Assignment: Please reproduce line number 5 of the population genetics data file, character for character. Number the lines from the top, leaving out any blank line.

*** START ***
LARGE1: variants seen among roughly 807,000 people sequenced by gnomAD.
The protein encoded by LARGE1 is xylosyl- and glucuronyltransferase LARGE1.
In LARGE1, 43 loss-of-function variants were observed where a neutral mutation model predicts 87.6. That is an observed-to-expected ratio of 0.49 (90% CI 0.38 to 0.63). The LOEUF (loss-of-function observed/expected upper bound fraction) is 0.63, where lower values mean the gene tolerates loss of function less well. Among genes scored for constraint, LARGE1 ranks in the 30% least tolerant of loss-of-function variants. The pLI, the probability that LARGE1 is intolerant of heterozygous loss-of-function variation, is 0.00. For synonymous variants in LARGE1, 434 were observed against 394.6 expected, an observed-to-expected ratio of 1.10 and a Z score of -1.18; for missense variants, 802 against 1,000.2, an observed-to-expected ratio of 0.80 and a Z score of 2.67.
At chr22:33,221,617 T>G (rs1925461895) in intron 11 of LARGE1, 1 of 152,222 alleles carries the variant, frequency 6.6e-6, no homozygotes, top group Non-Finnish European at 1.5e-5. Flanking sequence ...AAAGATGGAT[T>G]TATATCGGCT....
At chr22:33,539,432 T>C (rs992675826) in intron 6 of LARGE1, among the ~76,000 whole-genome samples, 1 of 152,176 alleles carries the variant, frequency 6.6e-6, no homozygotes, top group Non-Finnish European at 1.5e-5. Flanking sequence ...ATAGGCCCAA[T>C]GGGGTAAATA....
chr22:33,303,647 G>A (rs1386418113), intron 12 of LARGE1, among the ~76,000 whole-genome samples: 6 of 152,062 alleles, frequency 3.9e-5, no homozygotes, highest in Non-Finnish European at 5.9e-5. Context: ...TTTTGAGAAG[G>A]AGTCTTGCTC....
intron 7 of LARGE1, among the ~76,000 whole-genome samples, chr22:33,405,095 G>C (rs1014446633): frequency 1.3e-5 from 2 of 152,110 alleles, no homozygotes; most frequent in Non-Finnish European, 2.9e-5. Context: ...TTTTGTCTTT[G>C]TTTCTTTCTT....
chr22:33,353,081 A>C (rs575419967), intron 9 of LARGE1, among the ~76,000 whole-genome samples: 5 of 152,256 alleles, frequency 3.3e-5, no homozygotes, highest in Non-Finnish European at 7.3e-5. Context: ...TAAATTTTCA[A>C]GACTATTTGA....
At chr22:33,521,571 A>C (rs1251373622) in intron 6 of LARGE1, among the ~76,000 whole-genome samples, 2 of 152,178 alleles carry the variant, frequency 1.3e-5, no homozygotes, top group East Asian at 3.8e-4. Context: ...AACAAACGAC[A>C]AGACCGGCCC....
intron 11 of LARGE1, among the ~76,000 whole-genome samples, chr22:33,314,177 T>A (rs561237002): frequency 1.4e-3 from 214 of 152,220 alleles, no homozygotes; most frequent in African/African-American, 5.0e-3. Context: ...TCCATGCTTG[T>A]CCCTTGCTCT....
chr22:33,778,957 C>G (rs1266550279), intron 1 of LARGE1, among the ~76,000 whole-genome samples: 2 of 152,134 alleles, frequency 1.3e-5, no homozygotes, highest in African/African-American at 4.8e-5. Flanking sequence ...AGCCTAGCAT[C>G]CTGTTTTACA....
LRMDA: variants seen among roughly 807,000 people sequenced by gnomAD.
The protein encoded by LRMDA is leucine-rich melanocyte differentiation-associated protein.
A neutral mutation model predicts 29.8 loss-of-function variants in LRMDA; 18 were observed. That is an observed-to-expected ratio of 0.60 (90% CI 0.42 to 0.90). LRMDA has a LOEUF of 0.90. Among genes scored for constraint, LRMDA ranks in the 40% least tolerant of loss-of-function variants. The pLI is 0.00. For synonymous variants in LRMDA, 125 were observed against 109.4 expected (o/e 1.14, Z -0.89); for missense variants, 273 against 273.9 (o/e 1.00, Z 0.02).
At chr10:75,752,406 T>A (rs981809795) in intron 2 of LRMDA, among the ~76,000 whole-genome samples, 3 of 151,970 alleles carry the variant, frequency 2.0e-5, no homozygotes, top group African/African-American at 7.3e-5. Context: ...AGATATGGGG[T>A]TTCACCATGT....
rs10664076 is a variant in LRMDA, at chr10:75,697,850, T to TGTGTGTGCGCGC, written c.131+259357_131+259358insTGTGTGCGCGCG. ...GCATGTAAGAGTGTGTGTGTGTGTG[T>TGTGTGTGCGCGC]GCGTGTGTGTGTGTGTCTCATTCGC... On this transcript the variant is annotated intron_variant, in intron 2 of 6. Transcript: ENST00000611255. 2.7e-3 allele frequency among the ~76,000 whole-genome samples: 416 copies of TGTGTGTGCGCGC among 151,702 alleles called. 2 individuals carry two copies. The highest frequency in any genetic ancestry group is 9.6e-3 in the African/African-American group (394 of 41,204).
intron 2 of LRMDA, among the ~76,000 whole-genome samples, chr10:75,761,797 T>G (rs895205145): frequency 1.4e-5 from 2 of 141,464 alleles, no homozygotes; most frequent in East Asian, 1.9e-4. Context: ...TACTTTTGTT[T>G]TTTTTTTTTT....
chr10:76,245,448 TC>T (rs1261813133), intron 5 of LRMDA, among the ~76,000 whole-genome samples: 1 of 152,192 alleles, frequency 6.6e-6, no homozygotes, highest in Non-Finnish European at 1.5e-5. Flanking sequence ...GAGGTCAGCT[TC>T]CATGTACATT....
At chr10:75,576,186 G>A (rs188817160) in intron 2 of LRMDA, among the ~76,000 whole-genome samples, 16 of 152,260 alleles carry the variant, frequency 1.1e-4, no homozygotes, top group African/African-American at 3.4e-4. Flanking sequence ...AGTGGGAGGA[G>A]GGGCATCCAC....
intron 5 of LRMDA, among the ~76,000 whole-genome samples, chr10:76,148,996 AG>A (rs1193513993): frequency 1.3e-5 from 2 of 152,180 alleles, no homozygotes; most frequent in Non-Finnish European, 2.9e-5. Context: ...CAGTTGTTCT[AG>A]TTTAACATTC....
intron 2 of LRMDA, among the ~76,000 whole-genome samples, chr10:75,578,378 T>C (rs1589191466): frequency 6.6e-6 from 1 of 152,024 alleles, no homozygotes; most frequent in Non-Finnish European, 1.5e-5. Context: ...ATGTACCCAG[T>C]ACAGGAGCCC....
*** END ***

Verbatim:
At chr22:33,539,432 T>C (rs992675826) in intron 6 of LARGE1, among the ~76,000 whole-genome samples, 1 of 152,176 alleles carries the variant, frequency 6.6e-6, no homozygotes, top group Non-Finnish European at 1.5e-5. Flanking sequence ...ATAGGCCCAA[T>C]GGGGTAAATA....